Klang Valley residents thankful for chance to celebrate in hometowns

Norshah (right) says she will be cooking for her extended family this Hari Raya Haji as it is the annual tradition when everyone gets together.

THERE are two Hari Raya celebrations of religious significance that are observed by Muslims in Malaysia.

While Hari Raya Aidilfitri is welcomed with much gaiety after a month of fasting, and celebrants donning new clothes, Hari Raya Haji is less festive but of equal importance, nevertheless.

Also known as Hari Raya Aidiladha, the celebration takes place approximately two months after Hari Raya Aidilfitri, according to the Islamic calendar.

It is a more subdued event as it marks the end of the Haj, when Muslims around the world journey to Mecca in Saudi Arabia to perform the pilgrimage.

As such there is no shopping frenzy ahead of Raya Haji nor are there nostalgic songs on the airwaves which is common during the period leading up to Hari Raya Aidilfitri.

The giving out of duit raya to children is also not practised during Raya Haji.

However, many people are looking forward to this year’s Raya Haji as they can balik kampung to visit their families.

Muslims who celebrated Hari Raya Aidilfitri on May 24 and 25 this year were prohibited from returning to their hometown due to the movement control order (MCO).

Now that the ban on interstate travel has been lifted, some people plan to seize the opportunity to visit their family in their hometowns. There are also others who are opting to stay at home in light of the Covid-19 pandemic.

StarMetro spoke to a few people to find out what they have planned for the celebration tomorrow.Jeffrey Mohd Johan Ng, 29, from Ara Damansara said he would be travelling home to his hometown in Kluang, Johor.

“Raya Haji is usually not as festive as Hari Raya Aidilfitri.

“But this year, it is a much-anticipated event because it is the first holiday that we can spend together as a family.

“Although, we had a virtual gathering via video call during Hari Raya Aidilfitri, it is not the same as being able to spend time together under the same roof.

“I have applied for leave from work for a week to go back home and will buy some lemang to celebrate with my family, ” he said, adding that his mother had planned a barbecue for the family.Melaka-born Nadilla Zainoolrizam, 29, who is residing in Petaling Jaya, said she would head home to Batu Berendam, Melaka for three days.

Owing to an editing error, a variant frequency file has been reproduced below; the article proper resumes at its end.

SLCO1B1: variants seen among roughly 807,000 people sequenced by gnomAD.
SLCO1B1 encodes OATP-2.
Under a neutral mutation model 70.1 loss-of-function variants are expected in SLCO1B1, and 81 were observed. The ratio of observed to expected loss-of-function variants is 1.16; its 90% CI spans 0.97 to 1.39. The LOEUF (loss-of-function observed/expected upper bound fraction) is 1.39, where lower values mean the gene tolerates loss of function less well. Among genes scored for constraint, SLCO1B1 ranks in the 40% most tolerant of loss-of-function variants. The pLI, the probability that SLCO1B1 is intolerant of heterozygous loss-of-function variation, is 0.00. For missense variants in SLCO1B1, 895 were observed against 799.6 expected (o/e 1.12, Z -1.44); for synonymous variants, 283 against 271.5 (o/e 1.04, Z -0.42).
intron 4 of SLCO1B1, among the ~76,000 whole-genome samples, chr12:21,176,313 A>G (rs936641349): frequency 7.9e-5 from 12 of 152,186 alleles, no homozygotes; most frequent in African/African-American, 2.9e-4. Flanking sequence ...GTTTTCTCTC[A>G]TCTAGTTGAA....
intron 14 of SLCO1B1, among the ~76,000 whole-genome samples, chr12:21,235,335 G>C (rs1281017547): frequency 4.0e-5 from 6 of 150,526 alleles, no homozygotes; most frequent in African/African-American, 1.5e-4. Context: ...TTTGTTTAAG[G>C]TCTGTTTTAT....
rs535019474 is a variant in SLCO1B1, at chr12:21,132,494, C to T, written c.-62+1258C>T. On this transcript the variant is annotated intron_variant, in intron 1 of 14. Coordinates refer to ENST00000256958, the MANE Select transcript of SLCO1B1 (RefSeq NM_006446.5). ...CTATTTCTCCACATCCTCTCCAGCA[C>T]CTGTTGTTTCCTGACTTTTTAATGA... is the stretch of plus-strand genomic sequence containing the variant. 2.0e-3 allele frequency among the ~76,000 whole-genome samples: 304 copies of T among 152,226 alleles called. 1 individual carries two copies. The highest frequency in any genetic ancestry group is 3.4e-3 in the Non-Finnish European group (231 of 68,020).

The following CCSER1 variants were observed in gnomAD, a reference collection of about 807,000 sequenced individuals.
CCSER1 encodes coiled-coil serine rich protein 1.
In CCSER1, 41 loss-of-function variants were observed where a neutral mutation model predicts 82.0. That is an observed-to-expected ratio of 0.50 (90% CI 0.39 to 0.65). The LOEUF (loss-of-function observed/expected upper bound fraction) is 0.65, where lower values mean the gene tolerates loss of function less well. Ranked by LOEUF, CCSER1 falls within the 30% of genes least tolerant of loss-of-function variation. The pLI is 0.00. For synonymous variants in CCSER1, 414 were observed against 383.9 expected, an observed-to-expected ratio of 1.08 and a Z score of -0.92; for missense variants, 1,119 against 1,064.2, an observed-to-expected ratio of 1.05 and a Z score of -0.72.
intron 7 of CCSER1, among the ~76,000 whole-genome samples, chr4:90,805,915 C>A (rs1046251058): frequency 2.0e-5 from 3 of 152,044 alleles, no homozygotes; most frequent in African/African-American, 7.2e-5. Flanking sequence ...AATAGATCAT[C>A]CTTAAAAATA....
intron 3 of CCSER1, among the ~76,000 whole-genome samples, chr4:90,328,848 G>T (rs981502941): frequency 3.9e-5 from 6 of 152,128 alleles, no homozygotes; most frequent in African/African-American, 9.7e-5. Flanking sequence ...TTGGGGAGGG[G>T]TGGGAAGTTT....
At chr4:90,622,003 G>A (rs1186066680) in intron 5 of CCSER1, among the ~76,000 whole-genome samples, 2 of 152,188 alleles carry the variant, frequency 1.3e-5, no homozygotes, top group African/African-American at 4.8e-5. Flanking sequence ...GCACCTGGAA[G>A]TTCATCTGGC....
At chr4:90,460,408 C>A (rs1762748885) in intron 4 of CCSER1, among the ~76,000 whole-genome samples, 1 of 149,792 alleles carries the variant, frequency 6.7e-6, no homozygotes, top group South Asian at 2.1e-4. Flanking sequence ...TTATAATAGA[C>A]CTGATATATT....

“I will be going back this Raya Haji because I was unable to do so during Hari Raya Aidilfitri due to the MCO.

“My family is expecting a more quiet celebration at home and will not be going anywhere because the Covid-19 pandemic is still ongoing, ” she said.

Meanwhile, Mimi Nur Syazwani Ahmad Daud, 27, from Wangsa Maju said she would remain at home with her husband and would not be returning to her hometown in Kota Kinabalu, Sabah.“Even though interstate travel is allowed, I am concerned for our safety as the Covid-19 pandemic is still not over.

“Although I miss my family very much, I will call to check on how they are doing, ” said the 27-year-old IT executive, adding that she would cook rendang and kuah kacang for the day. Father-of-one Mohd Faiz Djamil, 33, said he was looking forward to spending quality time with his wife and two-year-old son in Ampang.

“I will not be going out of state as all my family members live in Kuala Lumpur.

“My wife and I will only be visiting relatives who live in Klang Valley, ” he said, adding that he would help his wife cook rendang for the celebration.

Norshah Kassim, 65, from Taman Keramat said she had purchased some supplies to cook for her extended family.

“It is a tradition among my family to dine together on the morning of Aidiladha.

“All of us live in the Klang Valley so none of us would be going out of the state for balik kampung, ” she said.

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